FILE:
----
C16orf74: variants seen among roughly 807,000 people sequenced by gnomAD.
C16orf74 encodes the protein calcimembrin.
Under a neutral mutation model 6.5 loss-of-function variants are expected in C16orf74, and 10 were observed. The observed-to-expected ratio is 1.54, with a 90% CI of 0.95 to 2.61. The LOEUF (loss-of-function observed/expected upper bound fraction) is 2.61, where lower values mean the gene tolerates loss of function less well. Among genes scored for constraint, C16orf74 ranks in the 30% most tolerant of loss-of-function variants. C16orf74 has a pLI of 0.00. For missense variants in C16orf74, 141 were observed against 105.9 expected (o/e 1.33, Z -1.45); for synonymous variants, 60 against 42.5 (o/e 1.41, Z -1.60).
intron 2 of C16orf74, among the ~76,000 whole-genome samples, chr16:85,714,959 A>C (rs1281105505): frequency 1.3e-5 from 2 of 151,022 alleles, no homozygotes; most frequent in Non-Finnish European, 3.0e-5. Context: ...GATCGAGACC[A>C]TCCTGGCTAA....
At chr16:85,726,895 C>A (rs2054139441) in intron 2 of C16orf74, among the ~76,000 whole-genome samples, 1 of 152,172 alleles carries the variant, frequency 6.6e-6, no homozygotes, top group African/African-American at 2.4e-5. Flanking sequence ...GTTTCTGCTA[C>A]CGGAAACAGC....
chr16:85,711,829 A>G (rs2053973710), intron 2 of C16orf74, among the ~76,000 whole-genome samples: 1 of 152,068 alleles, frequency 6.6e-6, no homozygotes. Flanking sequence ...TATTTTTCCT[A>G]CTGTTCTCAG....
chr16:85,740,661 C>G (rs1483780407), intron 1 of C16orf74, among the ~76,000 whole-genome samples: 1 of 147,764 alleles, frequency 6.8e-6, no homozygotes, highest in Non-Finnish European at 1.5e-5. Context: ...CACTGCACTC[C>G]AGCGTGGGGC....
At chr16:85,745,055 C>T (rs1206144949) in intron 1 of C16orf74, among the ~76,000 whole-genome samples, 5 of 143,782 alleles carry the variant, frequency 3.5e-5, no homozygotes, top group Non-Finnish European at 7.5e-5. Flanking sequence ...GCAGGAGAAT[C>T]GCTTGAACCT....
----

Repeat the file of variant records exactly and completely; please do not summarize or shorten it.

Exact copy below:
C16orf74: variants seen among roughly 807,000 people sequenced by gnomAD.
C16orf74 encodes the protein calcimembrin.
Under a neutral mutation model 6.5 loss-of-function variants are expected in C16orf74, and 10 were observed. The observed-to-expected ratio is 1.54, with a 90% CI of 0.95 to 2.61. The LOEUF (loss-of-function observed/expected upper bound fraction) is 2.61, where lower values mean the gene tolerates loss of function less well. Among genes scored for constraint, C16orf74 ranks in the 30% most tolerant of loss-of-function variants. C16orf74 has a pLI of 0.00. For missense variants in C16orf74, 141 were observed against 105.9 expected (o/e 1.33, Z -1.45); for synonymous variants, 60 against 42.5 (o/e 1.41, Z -1.60).
intron 2 of C16orf74, among the ~76,000 whole-genome samples, chr16:85,714,959 A>C (rs1281105505): frequency 1.3e-5 from 2 of 151,022 alleles, no homozygotes; most frequent in Non-Finnish European, 3.0e-5. Context: ...GATCGAGACC[A>C]TCCTGGCTAA....
At chr16:85,726,895 C>A (rs2054139441) in intron 2 of C16orf74, among the ~76,000 whole-genome samples, 1 of 152,172 alleles carries the variant, frequency 6.6e-6, no homozygotes, top group African/African-American at 2.4e-5. Flanking sequence ...GTTTCTGCTA[C>A]CGGAAACAGC....
chr16:85,711,829 A>G (rs2053973710), intron 2 of C16orf74, among the ~76,000 whole-genome samples: 1 of 152,068 alleles, frequency 6.6e-6, no homozygotes. Flanking sequence ...TATTTTTCCT[A>G]CTGTTCTCAG....
chr16:85,740,661 C>G (rs1483780407), intron 1 of C16orf74, among the ~76,000 whole-genome samples: 1 of 147,764 alleles, frequency 6.8e-6, no homozygotes, highest in Non-Finnish European at 1.5e-5. Context: ...CACTGCACTC[C>G]AGCGTGGGGC....
At chr16:85,745,055 C>T (rs1206144949) in intron 1 of C16orf74, among the ~76,000 whole-genome samples, 5 of 143,782 alleles carry the variant, frequency 3.5e-5, no homozygotes, top group Non-Finnish European at 7.5e-5. Flanking sequence ...GCAGGAGAAT[C>T]GCTTGAACCT....